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Google beefs up wildfire tracking, tree cover and Plus Codes in Maps

·3-min read

Google has updates for a handful of tools aimed at helping people use Maps for more, or get on them in the first place. The company is improving wildfire tracking, expanding a tool for calculating tree canopy cover in cities and further automating virtual address creation with Plus Codes.

The wildfires will be of the most immediate use to most users, since the once rare disaster has evolved into its own recurring season. Google put out a wildfire tracking tool last year for people searching for those fires — so when you looked for "camp fire" or the like, it wouldn't just serve news but a frequently updated info center complete with fire authorities' best guess at a live outline.

Now that information is coming to the Maps app as a layer like traffic or bike paths. When you turn it on, any nearby fires will be marked on the map, and tapping one will bring up its live outline as of an hour or so ago. Areas at risk are also marked, so you know if somewhere is safe to drive through or stay in. Helpful stuff, considering wildfires are so numerous and dangerous that it's hard to keep track of them now.

Map of Denver with an overlay showing areas with high and low tree cover.
Map of Denver with an overlay showing areas with high and low tree cover.

Image Credits: Google

In cities, Google has provided its "Environmental Insights Explorer Tree Canopy tool" to 15 U.S. cities, using aerial imagery to identify heat islands and other risk areas. Municipalities can use this to plan where to plant new trees or otherwise dedicate resources. First tested in LA, the tool will now expand to 100 cities around the globe, including Guadalajara, London, Sydney, Toronto and Tokyo.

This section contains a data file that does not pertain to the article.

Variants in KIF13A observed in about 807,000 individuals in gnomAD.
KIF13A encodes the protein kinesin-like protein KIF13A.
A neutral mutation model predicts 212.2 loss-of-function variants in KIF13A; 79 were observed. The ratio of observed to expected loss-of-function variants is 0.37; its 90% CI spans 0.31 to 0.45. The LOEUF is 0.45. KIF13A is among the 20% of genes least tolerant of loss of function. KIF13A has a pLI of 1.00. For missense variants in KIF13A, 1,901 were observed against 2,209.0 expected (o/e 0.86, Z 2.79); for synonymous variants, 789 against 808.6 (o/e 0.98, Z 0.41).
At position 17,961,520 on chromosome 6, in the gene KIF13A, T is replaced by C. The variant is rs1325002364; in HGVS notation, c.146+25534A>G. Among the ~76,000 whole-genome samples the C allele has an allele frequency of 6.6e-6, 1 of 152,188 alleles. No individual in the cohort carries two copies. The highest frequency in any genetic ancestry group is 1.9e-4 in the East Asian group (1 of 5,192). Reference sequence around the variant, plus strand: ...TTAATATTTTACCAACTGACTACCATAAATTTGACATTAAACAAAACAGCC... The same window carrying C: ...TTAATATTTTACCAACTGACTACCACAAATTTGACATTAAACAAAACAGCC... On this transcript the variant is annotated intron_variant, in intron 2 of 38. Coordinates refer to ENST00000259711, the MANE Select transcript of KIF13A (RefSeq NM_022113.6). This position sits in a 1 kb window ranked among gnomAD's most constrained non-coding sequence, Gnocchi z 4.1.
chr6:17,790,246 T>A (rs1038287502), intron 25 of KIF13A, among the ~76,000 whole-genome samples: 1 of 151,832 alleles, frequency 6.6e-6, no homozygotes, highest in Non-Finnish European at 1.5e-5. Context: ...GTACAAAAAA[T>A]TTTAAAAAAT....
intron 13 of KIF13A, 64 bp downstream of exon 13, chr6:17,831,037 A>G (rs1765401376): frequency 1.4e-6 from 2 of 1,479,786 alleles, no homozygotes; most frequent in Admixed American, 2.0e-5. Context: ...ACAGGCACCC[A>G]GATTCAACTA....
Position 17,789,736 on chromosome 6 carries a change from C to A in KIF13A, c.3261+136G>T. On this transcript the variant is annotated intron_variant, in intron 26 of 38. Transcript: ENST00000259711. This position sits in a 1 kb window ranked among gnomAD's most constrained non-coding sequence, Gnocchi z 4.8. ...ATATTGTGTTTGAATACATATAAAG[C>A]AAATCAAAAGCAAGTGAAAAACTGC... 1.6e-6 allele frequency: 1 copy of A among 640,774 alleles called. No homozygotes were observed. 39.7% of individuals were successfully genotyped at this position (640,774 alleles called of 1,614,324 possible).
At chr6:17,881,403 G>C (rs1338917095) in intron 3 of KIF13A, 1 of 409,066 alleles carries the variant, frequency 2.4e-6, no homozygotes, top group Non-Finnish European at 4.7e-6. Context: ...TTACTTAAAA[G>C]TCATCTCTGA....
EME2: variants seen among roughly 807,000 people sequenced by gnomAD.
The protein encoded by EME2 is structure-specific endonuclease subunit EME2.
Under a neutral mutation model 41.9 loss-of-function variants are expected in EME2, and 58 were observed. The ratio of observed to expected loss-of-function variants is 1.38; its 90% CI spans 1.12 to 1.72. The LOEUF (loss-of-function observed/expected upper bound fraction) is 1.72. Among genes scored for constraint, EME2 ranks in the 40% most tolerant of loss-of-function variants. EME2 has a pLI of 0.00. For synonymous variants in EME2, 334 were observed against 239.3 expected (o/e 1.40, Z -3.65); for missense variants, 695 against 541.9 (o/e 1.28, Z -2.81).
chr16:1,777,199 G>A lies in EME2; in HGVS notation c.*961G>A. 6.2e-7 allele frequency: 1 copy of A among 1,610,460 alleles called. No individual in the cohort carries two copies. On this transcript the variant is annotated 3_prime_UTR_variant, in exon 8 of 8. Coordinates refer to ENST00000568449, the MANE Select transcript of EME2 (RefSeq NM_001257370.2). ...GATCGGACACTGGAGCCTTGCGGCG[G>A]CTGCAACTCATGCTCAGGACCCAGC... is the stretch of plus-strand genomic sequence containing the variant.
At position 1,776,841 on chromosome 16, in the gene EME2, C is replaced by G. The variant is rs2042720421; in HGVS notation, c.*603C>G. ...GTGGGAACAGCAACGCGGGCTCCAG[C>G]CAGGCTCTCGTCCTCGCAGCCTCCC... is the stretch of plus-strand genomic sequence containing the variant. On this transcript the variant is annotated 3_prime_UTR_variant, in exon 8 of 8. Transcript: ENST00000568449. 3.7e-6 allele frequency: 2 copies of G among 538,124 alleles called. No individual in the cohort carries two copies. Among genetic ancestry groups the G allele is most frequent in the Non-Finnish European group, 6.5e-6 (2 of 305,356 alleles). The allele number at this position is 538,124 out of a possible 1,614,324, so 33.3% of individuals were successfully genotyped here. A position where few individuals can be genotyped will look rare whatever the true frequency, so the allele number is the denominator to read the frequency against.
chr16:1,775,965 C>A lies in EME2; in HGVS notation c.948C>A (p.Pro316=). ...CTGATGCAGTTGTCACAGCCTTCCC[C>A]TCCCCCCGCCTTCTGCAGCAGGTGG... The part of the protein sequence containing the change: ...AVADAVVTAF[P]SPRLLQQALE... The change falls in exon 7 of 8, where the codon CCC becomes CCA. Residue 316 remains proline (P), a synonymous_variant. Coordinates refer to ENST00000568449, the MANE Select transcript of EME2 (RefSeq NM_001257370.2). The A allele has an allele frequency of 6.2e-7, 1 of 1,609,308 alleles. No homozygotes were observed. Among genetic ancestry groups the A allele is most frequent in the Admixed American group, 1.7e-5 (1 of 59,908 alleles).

Another kind of data municipal authorities sometimes don't have, especially in sparsely populated rural or fast-changing urban environments, is addresses. It sounds odd that a place might just not have an address, but streets and numbers do after all have to be assigned, registered, tracked and used in order for things like mail and deliveries to arrive. Poorer and rural areas are often at risk of having to just use a nearby official address and rely on extra instructions or a knowledgeable delivery person to get mail reliably.

Several years back Google introduced "Plus Codes," which are basically GPS coordinates tied to a short series of letters and numbers that can be entered into lots of online address services, including of course Google Maps. Even if you don't have an actual street address, you can have a Plus Code and it ought to be enough to get someone to your door.

A remote cabin with a popup above it showing a Google "plus code" that acts as an address.
A remote cabin with a popup above it showing a Google "plus code" that acts as an address.

Image Credits: Google

Now they've partnered with several local governments struggling to assign addresses in a regular way, integrating Plus Codes with the official machinery of governance. In The Gambia and Kenya, for instance, the Plus Codes will work for national ID cards and other purposes that would normally require a government-verified address. To be clear, the information is owned and administrated by the government, not Google, which just helps generate the codes and integrate them with existing online infrastructure. (There's a new bulk creation tool that helps generate street directions as well.)

All these tools emphasize Google's interest in public-private partnerships — a cynic may think that they simply want to get their hooks in every aspect of life, but really the company, despite its advertising and surveillance business model, has always pushed projects like this. It genuinely hopes to transform industries and governments, and occasionally has some success doing it. At the very least these projects seem to lack much in the way of self-interest and could be quite useful to people around the world.

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